Valuing Arts and Arts Research

14th November 2019

Research paper published by the Valuing Nature Programme as part of their Demystifying Series.

We live in a period of unprecedented environmental change that demands us to completely re-think the ways we collaborate in doing research and evolve our systems of governance and economics. Informed decisions require the integration of knowledge from different perspectives, and the participation of diverse stakeholders including civic society. Navigating multiple types of value in the study of natural environments can challenge assumptions, change attitudes and ultimately improve our decisions, in often unexpected ways.

This report provides an account of what creative practice has brought and can bring to research. It aims to endorse existing practices and trigger new thinking in doing research related to landscapes and environments, and their associated ecologies and management, by revealing the ways in which artists can operate as researchers, either independently or as part of multi-, inter-, and trans-disciplinary teams. It also addresses issues of the relationships between artist and non-artist researchers and offers positive suggestions about what arts research can bring to inter- and trans-disciplinary research contexts.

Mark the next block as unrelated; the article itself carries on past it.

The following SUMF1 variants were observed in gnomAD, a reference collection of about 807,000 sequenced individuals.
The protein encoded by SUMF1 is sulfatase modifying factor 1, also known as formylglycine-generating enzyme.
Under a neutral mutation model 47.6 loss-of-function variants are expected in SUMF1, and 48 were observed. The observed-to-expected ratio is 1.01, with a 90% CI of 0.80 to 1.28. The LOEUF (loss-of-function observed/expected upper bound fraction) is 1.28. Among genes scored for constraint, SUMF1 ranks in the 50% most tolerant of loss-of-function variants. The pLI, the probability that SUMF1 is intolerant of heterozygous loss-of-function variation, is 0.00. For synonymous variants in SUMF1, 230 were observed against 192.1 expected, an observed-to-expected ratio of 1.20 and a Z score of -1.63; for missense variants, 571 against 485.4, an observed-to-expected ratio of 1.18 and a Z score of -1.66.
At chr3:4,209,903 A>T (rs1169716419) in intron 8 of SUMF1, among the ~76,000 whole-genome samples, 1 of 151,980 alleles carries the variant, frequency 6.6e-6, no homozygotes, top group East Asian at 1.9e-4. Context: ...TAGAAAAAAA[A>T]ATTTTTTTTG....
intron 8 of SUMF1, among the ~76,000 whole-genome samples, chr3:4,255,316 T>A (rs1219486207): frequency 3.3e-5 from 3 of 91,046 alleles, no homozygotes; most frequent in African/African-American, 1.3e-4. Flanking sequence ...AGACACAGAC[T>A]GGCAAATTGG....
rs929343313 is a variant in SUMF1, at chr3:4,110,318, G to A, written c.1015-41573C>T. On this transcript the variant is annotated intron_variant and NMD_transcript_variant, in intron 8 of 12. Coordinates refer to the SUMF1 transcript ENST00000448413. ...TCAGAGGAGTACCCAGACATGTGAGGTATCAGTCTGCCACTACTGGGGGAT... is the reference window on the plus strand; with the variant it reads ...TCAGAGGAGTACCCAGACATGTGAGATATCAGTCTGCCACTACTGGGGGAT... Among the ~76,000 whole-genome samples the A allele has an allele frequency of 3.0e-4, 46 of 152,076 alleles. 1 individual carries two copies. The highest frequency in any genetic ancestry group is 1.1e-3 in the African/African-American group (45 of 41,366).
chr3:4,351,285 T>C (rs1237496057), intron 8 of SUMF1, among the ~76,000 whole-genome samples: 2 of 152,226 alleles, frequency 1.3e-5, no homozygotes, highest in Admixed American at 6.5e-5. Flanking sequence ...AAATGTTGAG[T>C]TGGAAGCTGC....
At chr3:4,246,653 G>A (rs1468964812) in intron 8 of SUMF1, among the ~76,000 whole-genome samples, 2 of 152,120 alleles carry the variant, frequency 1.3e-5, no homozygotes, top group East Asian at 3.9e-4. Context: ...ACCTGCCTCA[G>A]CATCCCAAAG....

Ideas presented in the report have been informed by exchanges between academics and professionals, from the arts, humanities, social and natural sciences, as well representatives from policy and practice interested in the contribution of the arts in landscape, environmental, and valuing nature research agendas. Insights have been instigated by discussions that took place during the AALERT (Arts and Artists in Landscape and Environmental Research Today) workshop held at the National Gallery, London in February 2018 and funded jointly by Valuing Nature and the Landscape Research Group.

Read the full report here.

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